What currently gives me hope is the work of the Commission for Haitian Solution to the Crisis, which was created prior to Moïse’s assassination. The Commission is a broad group of political parties and civil society organisations (CSOs) that came together to work collectively to rebuild the government. This presents an opportunity for a meaningful shift from foreign interference to true leadership of Haitian people.
What is your view on the postponement of elections and the constitutional referendum, and what are the prospects of democratic votes taking place?
In the current climate, elections are not the next step in addressing Haiti’s political crisis. Elections should not occur until the conditions for a fair, free and legitimate vote are met. The elections of the past 11 years demonstrate that they are not an automatic means of achieving representative democracy.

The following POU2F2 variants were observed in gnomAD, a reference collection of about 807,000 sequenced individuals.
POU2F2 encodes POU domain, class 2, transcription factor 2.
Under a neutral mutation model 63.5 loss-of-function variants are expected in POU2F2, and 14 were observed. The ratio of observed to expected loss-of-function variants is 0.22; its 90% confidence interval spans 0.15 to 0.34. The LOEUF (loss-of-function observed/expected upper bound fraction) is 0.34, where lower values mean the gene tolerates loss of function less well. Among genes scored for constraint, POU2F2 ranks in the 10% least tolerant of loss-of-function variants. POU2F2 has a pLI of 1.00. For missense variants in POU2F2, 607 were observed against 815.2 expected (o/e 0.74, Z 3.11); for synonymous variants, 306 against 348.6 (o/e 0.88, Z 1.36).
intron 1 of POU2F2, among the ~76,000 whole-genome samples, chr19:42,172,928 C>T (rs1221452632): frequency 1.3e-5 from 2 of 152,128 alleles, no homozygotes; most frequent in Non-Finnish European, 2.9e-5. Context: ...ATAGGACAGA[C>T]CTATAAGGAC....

Today, there are many hurdles to holding elections. The first is one of governance: elections must be overseen by a governing body that has legitimacy, and that is respected by the Haitian people. It would be impossible for the de facto government to organise elections. The second is gang violence. It’s estimated that more than half of Port-au-Prince is under the control of gangs. When the provisional electoral council was preparing for elections a few months back, its staff could not access a number of voting centres due to gang control. Third, eligible Haitian voters should have voter ID cards.
The US government and others should affirm the right of the Haitian people to self-determination. The USA should neither insist on nor support elections without evidence of concrete measures to ensure that they are free, fair, inclusive and perceived as legitimate. Haitian CSOs and the Commission will indicate when the conditions exist for free, fair and legitimate elections.
Is there a migration crisis caused by the situation in Haiti? How can the challenges faced by Haitian migrants be addressed?
What we call the ‘migration crisis’ is a strong example of how US foreign policy and immigration policy towards Haiti have long been affected by anti-Black racism.
Many Haitians who left the country following the earthquake in 2010 first moved to South America. Many have subsequently left. The economies of Brazil and Chile worsened, and Haitian migrants encountered racism and a lack of economic opportunity. Families and individuals have travelled northward by foot, boat and bus towards the Mexico-USA border.